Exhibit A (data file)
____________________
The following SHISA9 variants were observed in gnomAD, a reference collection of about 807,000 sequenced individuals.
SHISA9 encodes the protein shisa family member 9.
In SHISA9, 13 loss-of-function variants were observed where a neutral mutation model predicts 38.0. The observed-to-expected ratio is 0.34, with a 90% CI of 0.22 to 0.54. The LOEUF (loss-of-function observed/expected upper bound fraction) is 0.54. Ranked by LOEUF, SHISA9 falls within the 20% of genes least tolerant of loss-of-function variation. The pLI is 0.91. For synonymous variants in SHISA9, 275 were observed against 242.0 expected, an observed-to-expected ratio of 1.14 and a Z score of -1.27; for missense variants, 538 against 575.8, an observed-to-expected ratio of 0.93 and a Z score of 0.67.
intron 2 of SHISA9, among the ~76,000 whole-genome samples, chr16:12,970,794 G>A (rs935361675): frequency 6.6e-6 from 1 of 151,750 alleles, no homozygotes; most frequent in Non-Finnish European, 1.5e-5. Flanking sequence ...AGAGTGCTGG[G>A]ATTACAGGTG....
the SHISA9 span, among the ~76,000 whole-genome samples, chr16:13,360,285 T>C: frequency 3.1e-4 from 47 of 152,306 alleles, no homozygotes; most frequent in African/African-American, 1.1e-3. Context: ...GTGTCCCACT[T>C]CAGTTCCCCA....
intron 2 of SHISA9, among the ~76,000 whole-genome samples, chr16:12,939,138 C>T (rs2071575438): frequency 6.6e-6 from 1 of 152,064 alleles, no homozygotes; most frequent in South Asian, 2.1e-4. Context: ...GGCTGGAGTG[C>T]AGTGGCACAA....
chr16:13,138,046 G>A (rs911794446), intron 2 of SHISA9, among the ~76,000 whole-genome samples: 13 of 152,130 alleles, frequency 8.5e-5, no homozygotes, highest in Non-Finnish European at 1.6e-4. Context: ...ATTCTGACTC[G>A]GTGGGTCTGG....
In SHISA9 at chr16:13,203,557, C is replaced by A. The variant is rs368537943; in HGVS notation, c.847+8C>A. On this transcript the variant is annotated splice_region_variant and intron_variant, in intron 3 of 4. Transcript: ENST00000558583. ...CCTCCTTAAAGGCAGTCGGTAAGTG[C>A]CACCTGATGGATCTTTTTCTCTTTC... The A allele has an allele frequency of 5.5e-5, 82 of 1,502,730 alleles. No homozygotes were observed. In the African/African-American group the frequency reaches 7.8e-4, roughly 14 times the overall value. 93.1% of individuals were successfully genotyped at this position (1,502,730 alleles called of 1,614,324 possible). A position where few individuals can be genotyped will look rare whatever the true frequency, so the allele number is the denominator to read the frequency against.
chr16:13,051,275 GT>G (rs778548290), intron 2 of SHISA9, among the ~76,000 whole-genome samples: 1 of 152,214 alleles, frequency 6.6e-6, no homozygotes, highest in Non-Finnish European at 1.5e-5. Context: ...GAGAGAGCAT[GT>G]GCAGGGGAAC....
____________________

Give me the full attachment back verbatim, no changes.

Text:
The following SHISA9 variants were observed in gnomAD, a reference collection of about 807,000 sequenced individuals.
SHISA9 encodes the protein shisa family member 9.
In SHISA9, 13 loss-of-function variants were observed where a neutral mutation model predicts 38.0. The observed-to-expected ratio is 0.34, with a 90% CI of 0.22 to 0.54. The LOEUF (loss-of-function observed/expected upper bound fraction) is 0.54. Ranked by LOEUF, SHISA9 falls within the 20% of genes least tolerant of loss-of-function variation. The pLI is 0.91. For synonymous variants in SHISA9, 275 were observed against 242.0 expected, an observed-to-expected ratio of 1.14 and a Z score of -1.27; for missense variants, 538 against 575.8, an observed-to-expected ratio of 0.93 and a Z score of 0.67.
intron 2 of SHISA9, among the ~76,000 whole-genome samples, chr16:12,970,794 G>A (rs935361675): frequency 6.6e-6 from 1 of 151,750 alleles, no homozygotes; most frequent in Non-Finnish European, 1.5e-5. Flanking sequence ...AGAGTGCTGG[G>A]ATTACAGGTG....
the SHISA9 span, among the ~76,000 whole-genome samples, chr16:13,360,285 T>C: frequency 3.1e-4 from 47 of 152,306 alleles, no homozygotes; most frequent in African/African-American, 1.1e-3. Context: ...GTGTCCCACT[T>C]CAGTTCCCCA....
intron 2 of SHISA9, among the ~76,000 whole-genome samples, chr16:12,939,138 C>T (rs2071575438): frequency 6.6e-6 from 1 of 152,064 alleles, no homozygotes; most frequent in South Asian, 2.1e-4. Context: ...GGCTGGAGTG[C>T]AGTGGCACAA....
chr16:13,138,046 G>A (rs911794446), intron 2 of SHISA9, among the ~76,000 whole-genome samples: 13 of 152,130 alleles, frequency 8.5e-5, no homozygotes, highest in Non-Finnish European at 1.6e-4. Context: ...ATTCTGACTC[G>A]GTGGGTCTGG....
In SHISA9 at chr16:13,203,557, C is replaced by A. The variant is rs368537943; in HGVS notation, c.847+8C>A. On this transcript the variant is annotated splice_region_variant and intron_variant, in intron 3 of 4. Transcript: ENST00000558583. ...CCTCCTTAAAGGCAGTCGGTAAGTG[C>A]CACCTGATGGATCTTTTTCTCTTTC... The A allele has an allele frequency of 5.5e-5, 82 of 1,502,730 alleles. No homozygotes were observed. In the African/African-American group the frequency reaches 7.8e-4, roughly 14 times the overall value. 93.1% of individuals were successfully genotyped at this position (1,502,730 alleles called of 1,614,324 possible). A position where few individuals can be genotyped will look rare whatever the true frequency, so the allele number is the denominator to read the frequency against.
chr16:13,051,275 GT>G (rs778548290), intron 2 of SHISA9, among the ~76,000 whole-genome samples: 1 of 152,214 alleles, frequency 6.6e-6, no homozygotes, highest in Non-Finnish European at 1.5e-5. Context: ...GAGAGAGCAT[GT>G]GCAGGGGAAC....